View attachment 293198
Mine has electrical connections between the 2 frames (small brass pads above,) so that if either is collecting juice, then both can move. (Pretty essential, as you don't want one chassis to stop while the other continues.) I suggest using cables and plugs - there pads don't work if the track isn't perfectly flat.
You'll need something like a flat piece of thick styrene with a hole attached to the chassis for the pivot to drop in to, or a hole in the top (I can't remember what they look like on top!) So now you have the 2 chassis with a flat plate suspended between them. If you want to reinforce the plate, get some 1/8" brass angle and glue it along the edges, where the original had a lip.
Those chassis have a big screw at the back for the hook that connects the tender (which you don't need) so there's a place to link the trailing truck, which looks like what Todd did. Here's what my trucks look like - I assume they were LGB spare parts. You could easily 3D print a similar one and put it behind the 4-6-0.
View attachment 293199
After that it is all cosmetic. Todd mounted his 4-6-0 boiler on the central frame - I'd be inclined to extend it a bit, but that's up to you.
On the end chassis Todd mounted the tender bodies from 4-6-0s. (P.S. I know someone with a bunch of junk 4-6-0s if you need parts.) A real Garratt had coal and water behind the cab, and a big water tank up front. I would suggest you use the tender body at the cab end, and make a box with rounded top, maybe glued on the tender body for strength. The front tank on mine is just a thin styrene sheet fitted over the top of the frame.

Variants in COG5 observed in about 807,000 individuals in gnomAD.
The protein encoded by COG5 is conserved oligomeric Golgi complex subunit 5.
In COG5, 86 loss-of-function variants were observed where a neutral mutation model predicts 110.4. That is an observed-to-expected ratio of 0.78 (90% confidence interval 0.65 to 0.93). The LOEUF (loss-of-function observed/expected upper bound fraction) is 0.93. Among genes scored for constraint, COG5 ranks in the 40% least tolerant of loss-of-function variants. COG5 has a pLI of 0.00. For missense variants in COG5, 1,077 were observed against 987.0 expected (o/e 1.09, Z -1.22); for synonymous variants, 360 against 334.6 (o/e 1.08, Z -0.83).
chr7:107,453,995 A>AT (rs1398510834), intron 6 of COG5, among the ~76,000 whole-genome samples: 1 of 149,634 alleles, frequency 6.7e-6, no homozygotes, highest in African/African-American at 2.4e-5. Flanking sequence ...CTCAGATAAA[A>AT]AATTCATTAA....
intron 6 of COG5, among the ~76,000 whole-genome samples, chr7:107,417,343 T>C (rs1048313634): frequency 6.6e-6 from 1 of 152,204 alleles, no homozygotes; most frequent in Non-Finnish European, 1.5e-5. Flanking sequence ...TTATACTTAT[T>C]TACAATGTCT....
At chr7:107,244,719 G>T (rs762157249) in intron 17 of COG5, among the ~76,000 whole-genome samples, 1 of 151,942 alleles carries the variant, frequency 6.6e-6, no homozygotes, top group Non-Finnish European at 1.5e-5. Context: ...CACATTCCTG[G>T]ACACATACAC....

Now, practically speaking, you need to add some weights. The 4-6-0s used to have a great big lump of cast iron inside. One good source would be fishing weights - just take a small box, fill it with weights, and pour in some glue. Then glue it to the bottom of the tender body, or the top of the chassis.
Just be careful with glue and lead it can have unpleasant side effects and melt plastic- just take a small box, fill it with weights, and pour in some glue.
Well, the batteries will replace one set of weights, and those 4-6-0 tenders have tons of room for electronics and stuff. Plus you have a whole boiler to fill. You can even put the speaker under the stack so the sound comes from the right place.ok but i gotta have space for lots of batteries and a sound system
ok so thats how i add weightNicest block of lead that is easy to get is a "rock cod sinker", they come in 1, 2, 3, 4, and 5 pound sizes... (at least in fishing stores in the USA)
Here's some in a Lionel Atlantic:
I have seen various large scale steam loco builds which used plastic plumbing pipe as core of boiler.but uh what should i use for the boiler
yeah i thinking that could work but PVC pipe might not be big enough in diameter for a medium sized garrattI have seen various large scale steam loco builds which used plastic plumbing pipe as core of boiler.